Every year, many international students get into their dream U.S. schools or are accepted to colleges and offered decent financial aid packages. This is not solely because of their academic performance or the extracurricular activities they have participated in, but also because of the way they presented themselves in their personal statements.
With that in mind, here are five tips that will help you create a better personal statement.
1. Start the process very early: This is not your typical homework assignment or school project. It can be a turning point of your life. A decent essay can help get you into a prestigious institution and change your future.
What I mean by early is that you need to start writing at least three months in advance of college application deadlines. Only by doing so can you have the chance to change topics, revise your essay, read it over, have someone criticize it and polish every word.
Moreover, for those applying to multiple schools, there may be supplemental essays depending on where you apply, which also require a substantial amount of time. In addition, many high school seniors around the world will be overwhelmed by all sorts of pressure, including graduation exams, so tackling essays early will give you a great advantage.
2. Write many drafts and try a number of topics:
The majority of successful applicants that I know wrote multiple essay drafts before submitting their favorite. The reason behind this is that doing something new, like playing a new sport, requires you to put in a tremendous amount of practice until you are good enough to compete.
It is very much the same with writing an essay. For most international students, this is the first time they have put serious thought into writing a paper, let alone one in a foreign language. The first few drafts will be very rough, and you should write until your essay is flawless.
Remember, each draft is not necessarily about one particular topic. You can write two or three drafts on the same topic if it has good potential, or switch topics if necessary. In my case, I wrote seven different drafts on four different topics before submitting my personal statement to the Common Application.
3. Find a trustworthy person to proofread each draft: This is the stage where you know that there is likely something wrong with your drafts and you want help uncovering these issues. I strongly advise you to find people who are very experienced with English writing, and – this is most important – are genuinely willing to give you criticism.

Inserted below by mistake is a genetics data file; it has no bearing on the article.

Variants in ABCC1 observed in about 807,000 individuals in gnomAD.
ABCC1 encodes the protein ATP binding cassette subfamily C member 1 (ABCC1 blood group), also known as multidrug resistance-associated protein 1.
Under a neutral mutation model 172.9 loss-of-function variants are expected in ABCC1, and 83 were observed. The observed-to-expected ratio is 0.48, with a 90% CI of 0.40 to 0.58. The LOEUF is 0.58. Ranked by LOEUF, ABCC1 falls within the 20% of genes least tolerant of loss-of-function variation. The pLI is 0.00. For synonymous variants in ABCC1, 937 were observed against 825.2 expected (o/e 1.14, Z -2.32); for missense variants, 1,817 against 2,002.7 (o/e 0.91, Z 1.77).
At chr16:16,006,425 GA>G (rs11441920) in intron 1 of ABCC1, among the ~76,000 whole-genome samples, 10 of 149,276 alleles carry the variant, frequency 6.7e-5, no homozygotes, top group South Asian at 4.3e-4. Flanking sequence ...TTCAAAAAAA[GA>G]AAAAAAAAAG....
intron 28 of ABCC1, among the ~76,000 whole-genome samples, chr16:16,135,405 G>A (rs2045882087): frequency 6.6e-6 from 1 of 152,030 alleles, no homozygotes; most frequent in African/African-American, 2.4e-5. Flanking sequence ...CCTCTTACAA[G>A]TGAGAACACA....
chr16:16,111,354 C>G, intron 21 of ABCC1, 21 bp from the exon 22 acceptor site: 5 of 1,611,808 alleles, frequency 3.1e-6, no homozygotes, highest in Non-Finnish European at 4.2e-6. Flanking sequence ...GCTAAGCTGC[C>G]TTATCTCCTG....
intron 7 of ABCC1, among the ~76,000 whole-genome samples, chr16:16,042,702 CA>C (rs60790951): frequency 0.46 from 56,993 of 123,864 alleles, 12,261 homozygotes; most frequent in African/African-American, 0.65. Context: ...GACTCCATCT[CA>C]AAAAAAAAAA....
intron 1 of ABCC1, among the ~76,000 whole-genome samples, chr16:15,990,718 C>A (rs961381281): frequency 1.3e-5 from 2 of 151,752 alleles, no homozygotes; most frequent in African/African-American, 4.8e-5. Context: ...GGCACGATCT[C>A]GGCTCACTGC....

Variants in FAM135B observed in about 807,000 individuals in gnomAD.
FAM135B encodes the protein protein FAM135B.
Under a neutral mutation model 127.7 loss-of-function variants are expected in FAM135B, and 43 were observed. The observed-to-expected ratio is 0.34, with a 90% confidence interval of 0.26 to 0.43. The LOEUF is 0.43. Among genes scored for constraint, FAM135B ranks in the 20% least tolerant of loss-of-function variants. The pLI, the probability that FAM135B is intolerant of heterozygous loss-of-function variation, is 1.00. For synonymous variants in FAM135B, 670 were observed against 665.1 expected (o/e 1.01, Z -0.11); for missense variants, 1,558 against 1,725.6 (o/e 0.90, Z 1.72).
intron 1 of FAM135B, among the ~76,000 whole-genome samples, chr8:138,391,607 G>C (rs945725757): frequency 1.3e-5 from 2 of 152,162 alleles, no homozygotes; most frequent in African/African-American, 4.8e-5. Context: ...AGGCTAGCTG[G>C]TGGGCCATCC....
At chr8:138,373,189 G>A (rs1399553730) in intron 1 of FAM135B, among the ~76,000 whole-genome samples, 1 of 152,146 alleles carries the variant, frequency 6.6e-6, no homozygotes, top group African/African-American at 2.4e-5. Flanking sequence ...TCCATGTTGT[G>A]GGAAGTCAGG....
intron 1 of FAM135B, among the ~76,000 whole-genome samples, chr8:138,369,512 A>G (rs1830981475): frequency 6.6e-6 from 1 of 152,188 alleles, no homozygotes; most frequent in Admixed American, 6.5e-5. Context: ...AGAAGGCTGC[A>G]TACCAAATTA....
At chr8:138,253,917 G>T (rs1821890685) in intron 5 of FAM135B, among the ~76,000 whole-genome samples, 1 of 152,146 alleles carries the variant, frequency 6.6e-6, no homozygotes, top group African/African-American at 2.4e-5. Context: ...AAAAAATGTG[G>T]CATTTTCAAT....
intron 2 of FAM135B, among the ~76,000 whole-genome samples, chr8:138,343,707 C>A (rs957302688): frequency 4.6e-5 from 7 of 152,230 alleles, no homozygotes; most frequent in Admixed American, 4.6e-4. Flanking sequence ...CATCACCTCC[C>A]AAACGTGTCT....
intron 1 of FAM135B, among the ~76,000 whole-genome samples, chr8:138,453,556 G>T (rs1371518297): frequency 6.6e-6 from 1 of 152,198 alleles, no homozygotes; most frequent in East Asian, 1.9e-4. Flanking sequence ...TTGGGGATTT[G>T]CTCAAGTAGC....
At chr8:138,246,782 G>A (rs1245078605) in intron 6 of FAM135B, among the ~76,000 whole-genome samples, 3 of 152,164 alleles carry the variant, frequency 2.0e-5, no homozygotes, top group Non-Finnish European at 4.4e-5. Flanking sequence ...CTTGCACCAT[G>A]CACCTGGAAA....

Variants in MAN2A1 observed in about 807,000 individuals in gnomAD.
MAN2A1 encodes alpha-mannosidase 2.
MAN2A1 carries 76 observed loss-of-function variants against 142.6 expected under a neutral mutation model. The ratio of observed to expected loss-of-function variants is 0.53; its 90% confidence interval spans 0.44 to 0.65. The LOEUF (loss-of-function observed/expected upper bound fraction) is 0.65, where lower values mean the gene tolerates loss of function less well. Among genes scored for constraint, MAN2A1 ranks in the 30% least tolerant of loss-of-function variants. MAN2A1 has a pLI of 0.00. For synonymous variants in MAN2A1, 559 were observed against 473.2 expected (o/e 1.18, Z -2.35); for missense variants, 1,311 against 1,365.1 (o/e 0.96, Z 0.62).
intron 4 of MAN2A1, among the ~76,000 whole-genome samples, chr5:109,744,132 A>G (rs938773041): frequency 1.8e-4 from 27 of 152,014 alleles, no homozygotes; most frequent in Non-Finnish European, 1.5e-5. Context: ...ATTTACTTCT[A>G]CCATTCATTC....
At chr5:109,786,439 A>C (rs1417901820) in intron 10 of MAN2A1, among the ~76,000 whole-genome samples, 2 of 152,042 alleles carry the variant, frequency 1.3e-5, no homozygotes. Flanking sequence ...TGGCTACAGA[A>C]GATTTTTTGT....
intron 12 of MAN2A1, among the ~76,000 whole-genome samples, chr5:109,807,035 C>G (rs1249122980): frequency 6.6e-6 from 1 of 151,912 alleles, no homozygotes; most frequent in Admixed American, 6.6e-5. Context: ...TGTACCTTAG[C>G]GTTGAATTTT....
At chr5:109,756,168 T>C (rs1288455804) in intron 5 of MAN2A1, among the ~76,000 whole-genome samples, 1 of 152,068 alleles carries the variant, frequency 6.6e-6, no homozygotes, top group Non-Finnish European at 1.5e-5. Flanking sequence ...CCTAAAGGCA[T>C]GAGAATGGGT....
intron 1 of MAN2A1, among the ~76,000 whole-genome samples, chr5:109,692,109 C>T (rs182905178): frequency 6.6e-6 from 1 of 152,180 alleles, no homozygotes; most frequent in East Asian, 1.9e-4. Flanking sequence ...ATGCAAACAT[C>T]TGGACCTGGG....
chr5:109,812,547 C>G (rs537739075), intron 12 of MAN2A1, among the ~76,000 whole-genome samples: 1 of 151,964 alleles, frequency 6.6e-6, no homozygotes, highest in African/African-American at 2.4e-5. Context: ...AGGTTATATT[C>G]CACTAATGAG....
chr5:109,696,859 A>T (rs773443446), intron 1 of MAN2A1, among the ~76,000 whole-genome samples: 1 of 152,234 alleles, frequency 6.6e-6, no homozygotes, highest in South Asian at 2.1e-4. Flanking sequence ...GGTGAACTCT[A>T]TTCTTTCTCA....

These readers should be people who have an in-depth knowledge about the application process, such as U.S. college alumni or retired or current college admissions counselors, or educators who have had years of experience in English writing.
Once they let you know that there is something you need to fix, either about your essay or topic, you need to fix it or write it again immediately. When you come up with an essay that receives nods from your professional readers, you know that you are ready to submit it to a college.
4. Read successful application essays: This is not meant to encourage you to take someone else’s ideas. But reading essays of successful college applicants can help you get an idea of what admissions counselors are looking for.
Before my friend started her personal statement, she had a hard time finding something that might impress admissions counselors. When she finished reading a set of essays written by students who were accepted by Ivy League schools – which she found online via a Google search – she learned that they expressed the unique personalities of the writers, but were based on very simple, personal anecdotes.
She then chose a very simple yet meaningful topic to write about: taking care of her ill grandfather. Her essay was so touching that she received handwritten letters from admissions readers, complimenting her writing and offering her a spot in their class of 2017 at Washington and Lee University.
5. Follow the structure of a story: As the writer, you need to realize that a quality essay is built upon the general story structure of rising action, conflict and resolution.
The college application essay does not have to be like an action movie, but it has to lead the readers through the stages of curiosity, wonderment and satisfaction. Moreover, the readers will need to be so engaged in your story that they will not be distracted by any unnecessary details or redundancy.
It is best that you cut out sentences or scenes that may make the story confusing. Remember that each admissions counselor has to deal with a large pile of essays, so telling an intriguing story can make you stand out.